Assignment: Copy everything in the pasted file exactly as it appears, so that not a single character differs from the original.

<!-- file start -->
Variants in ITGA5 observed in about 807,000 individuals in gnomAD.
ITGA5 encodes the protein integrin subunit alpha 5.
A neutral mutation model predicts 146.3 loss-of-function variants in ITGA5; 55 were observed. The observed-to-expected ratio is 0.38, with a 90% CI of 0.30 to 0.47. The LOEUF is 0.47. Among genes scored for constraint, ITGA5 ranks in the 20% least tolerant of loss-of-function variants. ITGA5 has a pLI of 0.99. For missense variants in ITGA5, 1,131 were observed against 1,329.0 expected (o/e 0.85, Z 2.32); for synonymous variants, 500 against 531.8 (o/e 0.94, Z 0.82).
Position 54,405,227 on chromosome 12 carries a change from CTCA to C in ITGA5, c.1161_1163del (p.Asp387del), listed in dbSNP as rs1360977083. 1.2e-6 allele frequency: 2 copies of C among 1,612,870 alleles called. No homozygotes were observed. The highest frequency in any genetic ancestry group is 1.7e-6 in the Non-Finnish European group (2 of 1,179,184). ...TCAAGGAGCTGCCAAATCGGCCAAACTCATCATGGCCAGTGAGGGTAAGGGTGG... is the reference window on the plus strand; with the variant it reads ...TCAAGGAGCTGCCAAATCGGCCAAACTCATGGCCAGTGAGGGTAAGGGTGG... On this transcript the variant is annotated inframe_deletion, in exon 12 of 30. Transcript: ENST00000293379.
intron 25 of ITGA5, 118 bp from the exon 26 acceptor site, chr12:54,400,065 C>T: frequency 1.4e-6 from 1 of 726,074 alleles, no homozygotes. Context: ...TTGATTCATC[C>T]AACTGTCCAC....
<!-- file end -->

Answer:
Variants in ITGA5 observed in about 807,000 individuals in gnomAD.
ITGA5 encodes the protein integrin subunit alpha 5.
A neutral mutation model predicts 146.3 loss-of-function variants in ITGA5; 55 were observed. The observed-to-expected ratio is 0.38, with a 90% CI of 0.30 to 0.47. The LOEUF is 0.47. Among genes scored for constraint, ITGA5 ranks in the 20% least tolerant of loss-of-function variants. ITGA5 has a pLI of 0.99. For missense variants in ITGA5, 1,131 were observed against 1,329.0 expected (o/e 0.85, Z 2.32); for synonymous variants, 500 against 531.8 (o/e 0.94, Z 0.82).
Position 54,405,227 on chromosome 12 carries a change from CTCA to C in ITGA5, c.1161_1163del (p.Asp387del), listed in dbSNP as rs1360977083. 1.2e-6 allele frequency: 2 copies of C among 1,612,870 alleles called. No homozygotes were observed. The highest frequency in any genetic ancestry group is 1.7e-6 in the Non-Finnish European group (2 of 1,179,184). ...TCAAGGAGCTGCCAAATCGGCCAAACTCATCATGGCCAGTGAGGGTAAGGGTGG... is the reference window on the plus strand; with the variant it reads ...TCAAGGAGCTGCCAAATCGGCCAAACTCATGGCCAGTGAGGGTAAGGGTGG... On this transcript the variant is annotated inframe_deletion, in exon 12 of 30. Transcript: ENST00000293379.
intron 25 of ITGA5, 118 bp from the exon 26 acceptor site, chr12:54,400,065 C>T: frequency 1.4e-6 from 1 of 726,074 alleles, no homozygotes. Context: ...TTGATTCATC[C>T]AACTGTCCAC....